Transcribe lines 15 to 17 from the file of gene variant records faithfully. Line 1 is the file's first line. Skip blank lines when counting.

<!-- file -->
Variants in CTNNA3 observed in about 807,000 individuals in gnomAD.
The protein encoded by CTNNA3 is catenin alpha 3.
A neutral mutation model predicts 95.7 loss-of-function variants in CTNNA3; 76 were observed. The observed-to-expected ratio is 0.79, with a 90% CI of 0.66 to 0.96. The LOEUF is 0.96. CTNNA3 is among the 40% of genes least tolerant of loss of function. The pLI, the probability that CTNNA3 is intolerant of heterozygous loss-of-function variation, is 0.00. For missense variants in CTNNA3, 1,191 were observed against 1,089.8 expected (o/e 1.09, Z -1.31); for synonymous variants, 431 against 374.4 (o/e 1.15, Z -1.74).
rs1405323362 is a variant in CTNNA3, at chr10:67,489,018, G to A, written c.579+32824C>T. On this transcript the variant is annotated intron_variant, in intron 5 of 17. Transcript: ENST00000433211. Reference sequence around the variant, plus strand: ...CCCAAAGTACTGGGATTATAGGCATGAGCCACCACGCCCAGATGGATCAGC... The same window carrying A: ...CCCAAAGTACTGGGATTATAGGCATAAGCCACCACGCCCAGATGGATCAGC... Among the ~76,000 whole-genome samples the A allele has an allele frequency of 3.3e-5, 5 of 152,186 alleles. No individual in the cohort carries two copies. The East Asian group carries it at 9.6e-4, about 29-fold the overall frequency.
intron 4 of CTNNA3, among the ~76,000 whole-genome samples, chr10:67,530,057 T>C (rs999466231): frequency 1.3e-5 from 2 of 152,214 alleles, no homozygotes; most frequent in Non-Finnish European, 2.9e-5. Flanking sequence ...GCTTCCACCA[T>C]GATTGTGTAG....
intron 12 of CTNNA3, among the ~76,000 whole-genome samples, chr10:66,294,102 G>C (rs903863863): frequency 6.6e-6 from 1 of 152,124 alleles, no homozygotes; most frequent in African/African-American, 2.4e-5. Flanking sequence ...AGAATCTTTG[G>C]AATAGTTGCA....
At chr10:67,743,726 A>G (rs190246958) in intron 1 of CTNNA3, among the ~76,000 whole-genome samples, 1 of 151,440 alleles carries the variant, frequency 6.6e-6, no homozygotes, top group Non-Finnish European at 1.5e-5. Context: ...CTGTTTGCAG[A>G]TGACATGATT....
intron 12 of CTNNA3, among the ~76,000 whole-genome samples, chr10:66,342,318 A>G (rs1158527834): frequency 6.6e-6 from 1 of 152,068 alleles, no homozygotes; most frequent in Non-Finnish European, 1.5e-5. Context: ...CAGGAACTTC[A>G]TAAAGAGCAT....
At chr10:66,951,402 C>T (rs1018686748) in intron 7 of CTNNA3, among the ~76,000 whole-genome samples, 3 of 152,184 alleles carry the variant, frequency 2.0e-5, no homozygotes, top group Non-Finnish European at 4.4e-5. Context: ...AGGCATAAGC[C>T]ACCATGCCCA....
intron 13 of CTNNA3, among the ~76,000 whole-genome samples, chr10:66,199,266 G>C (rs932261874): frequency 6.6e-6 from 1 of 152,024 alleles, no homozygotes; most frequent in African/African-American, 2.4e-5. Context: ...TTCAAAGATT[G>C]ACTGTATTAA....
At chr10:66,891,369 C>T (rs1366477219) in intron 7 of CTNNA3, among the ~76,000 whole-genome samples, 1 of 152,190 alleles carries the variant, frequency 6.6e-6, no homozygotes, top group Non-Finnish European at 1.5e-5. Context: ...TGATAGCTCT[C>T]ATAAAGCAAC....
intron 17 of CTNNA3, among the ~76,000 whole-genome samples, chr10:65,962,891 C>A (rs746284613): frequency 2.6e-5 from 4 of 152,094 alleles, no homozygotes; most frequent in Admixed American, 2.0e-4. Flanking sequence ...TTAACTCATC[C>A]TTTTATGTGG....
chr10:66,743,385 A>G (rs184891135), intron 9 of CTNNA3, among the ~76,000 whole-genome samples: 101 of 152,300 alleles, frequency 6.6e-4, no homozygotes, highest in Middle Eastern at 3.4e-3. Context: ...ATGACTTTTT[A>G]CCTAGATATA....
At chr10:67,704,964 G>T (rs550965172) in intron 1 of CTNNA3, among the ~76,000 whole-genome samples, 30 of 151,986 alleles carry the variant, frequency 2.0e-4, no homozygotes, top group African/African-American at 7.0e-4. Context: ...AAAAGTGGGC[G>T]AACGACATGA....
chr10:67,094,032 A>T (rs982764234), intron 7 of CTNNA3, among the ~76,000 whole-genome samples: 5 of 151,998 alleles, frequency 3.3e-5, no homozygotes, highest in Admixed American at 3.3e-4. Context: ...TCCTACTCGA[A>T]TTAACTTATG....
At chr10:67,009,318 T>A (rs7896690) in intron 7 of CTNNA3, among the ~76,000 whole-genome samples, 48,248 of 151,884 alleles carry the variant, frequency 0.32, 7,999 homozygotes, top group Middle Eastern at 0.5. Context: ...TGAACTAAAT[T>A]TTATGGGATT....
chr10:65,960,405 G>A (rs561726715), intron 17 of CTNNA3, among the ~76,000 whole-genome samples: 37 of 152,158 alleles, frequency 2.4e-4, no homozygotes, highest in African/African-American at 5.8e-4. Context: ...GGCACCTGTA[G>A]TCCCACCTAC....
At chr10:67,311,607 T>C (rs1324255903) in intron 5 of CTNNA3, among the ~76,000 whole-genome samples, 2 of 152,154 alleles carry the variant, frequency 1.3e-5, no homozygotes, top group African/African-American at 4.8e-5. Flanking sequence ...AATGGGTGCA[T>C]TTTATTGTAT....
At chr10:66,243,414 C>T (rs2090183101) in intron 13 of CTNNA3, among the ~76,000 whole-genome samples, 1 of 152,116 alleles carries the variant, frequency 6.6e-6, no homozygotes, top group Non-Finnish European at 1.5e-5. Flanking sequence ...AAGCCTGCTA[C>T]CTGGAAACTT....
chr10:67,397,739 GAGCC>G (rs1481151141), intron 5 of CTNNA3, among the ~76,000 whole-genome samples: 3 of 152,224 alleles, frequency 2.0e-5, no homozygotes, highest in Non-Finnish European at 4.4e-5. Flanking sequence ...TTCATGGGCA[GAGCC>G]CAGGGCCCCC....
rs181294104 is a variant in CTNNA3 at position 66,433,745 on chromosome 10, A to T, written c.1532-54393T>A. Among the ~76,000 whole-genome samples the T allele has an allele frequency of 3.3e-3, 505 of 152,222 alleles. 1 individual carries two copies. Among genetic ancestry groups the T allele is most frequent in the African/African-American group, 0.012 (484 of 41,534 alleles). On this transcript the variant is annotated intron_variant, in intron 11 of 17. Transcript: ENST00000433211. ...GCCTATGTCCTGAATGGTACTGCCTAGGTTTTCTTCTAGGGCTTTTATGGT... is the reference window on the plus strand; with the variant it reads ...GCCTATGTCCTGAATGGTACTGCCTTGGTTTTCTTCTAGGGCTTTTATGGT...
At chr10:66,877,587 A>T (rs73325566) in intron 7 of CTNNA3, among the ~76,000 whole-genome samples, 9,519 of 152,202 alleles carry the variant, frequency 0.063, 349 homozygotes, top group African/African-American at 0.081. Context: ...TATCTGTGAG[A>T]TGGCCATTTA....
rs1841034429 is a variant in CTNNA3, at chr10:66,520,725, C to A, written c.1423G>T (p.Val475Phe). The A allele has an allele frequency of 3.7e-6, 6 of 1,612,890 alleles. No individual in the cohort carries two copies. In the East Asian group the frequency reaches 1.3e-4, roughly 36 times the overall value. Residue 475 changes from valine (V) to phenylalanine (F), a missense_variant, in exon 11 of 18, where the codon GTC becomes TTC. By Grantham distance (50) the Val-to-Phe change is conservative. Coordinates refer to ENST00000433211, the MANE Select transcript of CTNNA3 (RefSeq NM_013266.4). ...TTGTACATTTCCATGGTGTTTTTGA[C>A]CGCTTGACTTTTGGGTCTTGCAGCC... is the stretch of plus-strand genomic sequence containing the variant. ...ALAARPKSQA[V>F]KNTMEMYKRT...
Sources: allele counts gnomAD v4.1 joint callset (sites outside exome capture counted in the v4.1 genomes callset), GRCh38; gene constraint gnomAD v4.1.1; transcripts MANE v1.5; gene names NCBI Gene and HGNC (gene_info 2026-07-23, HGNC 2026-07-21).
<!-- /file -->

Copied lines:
chr10:67,094,032 A>T (rs982764234), intron 7 of CTNNA3, among the ~76,000 whole-genome samples: 5 of 151,998 alleles, frequency 3.3e-5, no homozygotes, highest in Admixed American at 3.3e-4. Context: ...TCCTACTCGA[A>T]TTAACTTATG....
At chr10:67,009,318 T>A (rs7896690) in intron 7 of CTNNA3, among the ~76,000 whole-genome samples, 48,248 of 151,884 alleles carry the variant, frequency 0.32, 7,999 homozygotes, top group Middle Eastern at 0.5. Context: ...TGAACTAAAT[T>A]TTATGGGATT....
chr10:65,960,405 G>A (rs561726715), intron 17 of CTNNA3, among the ~76,000 whole-genome samples: 37 of 152,158 alleles, frequency 2.4e-4, no homozygotes, highest in African/African-American at 5.8e-4. Context: ...GGCACCTGTA[G>A]TCCCACCTAC....